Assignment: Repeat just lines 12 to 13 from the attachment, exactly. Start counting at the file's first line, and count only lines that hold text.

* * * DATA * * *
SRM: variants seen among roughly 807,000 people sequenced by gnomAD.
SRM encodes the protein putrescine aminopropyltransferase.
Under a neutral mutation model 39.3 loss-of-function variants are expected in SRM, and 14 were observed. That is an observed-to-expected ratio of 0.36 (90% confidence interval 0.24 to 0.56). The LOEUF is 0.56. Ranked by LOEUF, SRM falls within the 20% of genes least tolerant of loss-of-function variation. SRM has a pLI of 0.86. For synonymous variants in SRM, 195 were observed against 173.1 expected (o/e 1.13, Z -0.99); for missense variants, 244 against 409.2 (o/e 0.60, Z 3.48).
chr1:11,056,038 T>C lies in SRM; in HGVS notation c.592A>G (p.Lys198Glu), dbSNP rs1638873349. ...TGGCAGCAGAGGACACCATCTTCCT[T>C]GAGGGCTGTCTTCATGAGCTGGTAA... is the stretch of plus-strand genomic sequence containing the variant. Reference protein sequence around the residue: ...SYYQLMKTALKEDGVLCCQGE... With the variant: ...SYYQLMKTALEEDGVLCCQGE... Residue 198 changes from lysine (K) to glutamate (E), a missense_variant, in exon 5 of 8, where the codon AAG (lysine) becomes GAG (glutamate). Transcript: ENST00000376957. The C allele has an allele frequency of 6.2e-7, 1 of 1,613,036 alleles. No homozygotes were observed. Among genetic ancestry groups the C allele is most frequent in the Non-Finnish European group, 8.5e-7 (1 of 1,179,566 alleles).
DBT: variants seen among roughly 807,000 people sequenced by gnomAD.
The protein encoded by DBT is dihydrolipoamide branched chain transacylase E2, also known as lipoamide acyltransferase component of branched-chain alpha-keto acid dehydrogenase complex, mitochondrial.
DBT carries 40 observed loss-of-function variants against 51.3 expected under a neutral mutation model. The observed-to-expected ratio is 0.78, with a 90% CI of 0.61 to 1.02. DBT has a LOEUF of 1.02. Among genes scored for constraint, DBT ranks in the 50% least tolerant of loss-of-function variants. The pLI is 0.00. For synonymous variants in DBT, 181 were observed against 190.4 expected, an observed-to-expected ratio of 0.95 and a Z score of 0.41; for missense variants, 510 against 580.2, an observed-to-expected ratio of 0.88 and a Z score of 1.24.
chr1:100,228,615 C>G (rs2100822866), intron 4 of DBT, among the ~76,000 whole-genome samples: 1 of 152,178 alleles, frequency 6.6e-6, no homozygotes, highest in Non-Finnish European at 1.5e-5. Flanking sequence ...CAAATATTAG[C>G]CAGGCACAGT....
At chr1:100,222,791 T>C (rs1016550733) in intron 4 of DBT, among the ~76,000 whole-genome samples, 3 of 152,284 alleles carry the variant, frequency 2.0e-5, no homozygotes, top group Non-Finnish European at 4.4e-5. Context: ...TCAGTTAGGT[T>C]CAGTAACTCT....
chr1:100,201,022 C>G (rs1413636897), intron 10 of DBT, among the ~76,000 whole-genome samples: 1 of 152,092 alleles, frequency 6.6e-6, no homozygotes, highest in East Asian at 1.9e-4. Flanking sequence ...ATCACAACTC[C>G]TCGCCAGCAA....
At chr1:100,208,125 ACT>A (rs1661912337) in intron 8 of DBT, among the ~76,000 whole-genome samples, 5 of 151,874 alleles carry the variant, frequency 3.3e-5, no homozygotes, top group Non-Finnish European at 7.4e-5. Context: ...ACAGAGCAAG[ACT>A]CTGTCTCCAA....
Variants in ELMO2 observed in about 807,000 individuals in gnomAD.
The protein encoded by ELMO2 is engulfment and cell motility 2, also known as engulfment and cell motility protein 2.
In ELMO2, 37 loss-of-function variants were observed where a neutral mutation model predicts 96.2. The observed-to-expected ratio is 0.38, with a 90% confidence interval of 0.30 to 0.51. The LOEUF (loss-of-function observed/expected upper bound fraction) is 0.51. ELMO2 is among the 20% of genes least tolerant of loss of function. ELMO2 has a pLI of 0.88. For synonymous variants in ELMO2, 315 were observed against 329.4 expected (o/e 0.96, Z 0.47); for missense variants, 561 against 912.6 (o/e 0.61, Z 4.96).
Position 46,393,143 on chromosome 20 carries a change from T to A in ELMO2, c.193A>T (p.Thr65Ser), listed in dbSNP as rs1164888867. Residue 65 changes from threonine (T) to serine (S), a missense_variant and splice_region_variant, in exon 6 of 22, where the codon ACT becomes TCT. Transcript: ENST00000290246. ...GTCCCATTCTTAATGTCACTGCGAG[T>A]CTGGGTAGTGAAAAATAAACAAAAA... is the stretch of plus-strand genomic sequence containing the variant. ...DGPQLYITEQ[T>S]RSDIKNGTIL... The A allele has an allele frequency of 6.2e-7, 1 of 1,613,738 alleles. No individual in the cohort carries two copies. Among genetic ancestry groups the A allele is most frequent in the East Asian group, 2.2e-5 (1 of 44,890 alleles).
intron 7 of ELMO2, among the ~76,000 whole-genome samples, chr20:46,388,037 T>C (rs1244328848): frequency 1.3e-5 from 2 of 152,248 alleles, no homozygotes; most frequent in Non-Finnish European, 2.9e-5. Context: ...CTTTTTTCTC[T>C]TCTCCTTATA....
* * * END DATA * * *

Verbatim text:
Variants in ELMO2 observed in about 807,000 individuals in gnomAD.
The protein encoded by ELMO2 is engulfment and cell motility 2, also known as engulfment and cell motility protein 2.